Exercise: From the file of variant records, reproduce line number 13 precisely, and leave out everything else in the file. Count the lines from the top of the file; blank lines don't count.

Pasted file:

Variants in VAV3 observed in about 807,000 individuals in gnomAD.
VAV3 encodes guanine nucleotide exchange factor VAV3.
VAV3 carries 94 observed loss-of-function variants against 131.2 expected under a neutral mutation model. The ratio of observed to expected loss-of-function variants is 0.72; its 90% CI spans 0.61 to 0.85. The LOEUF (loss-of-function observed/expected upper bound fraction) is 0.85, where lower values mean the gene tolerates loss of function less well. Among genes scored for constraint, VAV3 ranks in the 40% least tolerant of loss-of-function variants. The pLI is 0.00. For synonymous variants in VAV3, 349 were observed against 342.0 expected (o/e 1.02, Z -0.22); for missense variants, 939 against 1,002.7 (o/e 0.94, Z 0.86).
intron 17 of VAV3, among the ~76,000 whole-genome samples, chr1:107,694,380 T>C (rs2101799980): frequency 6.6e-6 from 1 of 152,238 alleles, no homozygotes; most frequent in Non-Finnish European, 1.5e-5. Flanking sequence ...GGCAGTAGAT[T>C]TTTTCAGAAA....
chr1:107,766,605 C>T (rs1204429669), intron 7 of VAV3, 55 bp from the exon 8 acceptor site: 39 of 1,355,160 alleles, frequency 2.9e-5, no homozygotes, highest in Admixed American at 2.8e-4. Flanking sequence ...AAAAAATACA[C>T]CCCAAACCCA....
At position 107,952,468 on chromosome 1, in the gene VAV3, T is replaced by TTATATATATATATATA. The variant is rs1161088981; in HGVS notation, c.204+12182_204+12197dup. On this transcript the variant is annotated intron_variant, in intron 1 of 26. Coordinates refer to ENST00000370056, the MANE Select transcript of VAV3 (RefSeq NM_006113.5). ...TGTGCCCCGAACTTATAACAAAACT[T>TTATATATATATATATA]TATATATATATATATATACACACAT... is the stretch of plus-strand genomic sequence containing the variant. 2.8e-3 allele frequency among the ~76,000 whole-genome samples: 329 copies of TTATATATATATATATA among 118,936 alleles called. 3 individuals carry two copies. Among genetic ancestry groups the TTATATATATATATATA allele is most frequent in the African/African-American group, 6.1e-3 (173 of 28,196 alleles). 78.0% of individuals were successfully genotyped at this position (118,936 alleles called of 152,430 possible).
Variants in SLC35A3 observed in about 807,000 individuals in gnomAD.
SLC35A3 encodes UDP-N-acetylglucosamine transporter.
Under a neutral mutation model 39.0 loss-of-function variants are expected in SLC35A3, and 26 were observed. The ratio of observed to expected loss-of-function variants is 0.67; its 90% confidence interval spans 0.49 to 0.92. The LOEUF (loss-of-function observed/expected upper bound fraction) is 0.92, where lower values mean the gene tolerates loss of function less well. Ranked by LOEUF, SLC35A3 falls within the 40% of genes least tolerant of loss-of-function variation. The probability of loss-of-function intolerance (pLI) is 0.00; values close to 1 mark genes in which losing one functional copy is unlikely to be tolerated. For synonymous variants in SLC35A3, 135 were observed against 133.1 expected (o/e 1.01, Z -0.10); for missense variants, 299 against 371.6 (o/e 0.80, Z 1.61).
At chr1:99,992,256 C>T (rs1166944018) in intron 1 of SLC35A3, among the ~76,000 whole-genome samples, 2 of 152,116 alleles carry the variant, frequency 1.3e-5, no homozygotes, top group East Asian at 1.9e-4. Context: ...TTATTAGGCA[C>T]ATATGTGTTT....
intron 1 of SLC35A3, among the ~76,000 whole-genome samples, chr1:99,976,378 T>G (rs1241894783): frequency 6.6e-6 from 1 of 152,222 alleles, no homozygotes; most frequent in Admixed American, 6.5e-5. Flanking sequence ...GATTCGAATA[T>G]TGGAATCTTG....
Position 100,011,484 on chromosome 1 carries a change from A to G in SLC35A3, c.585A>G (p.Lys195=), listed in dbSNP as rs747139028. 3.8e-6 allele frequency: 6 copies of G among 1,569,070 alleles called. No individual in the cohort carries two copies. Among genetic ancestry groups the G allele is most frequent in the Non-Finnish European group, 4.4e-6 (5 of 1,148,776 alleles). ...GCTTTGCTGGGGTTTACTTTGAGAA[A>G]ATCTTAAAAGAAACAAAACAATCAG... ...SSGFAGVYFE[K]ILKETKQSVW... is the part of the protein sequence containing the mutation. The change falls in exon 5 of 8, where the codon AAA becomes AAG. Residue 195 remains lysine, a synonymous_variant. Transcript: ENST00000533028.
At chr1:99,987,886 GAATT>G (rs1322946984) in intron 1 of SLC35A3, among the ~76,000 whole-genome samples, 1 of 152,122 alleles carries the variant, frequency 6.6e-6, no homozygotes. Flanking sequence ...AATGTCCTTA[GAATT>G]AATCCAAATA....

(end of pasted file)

At chr1:99,987,886 GAATT>G (rs1322946984) in intron 1 of SLC35A3, among the ~76,000 whole-genome samples, 1 of 152,122 alleles carries the variant, frequency 6.6e-6, no homozygotes. Flanking sequence ...AATGTCCTTA[GAATT>G]AATCCAAATA....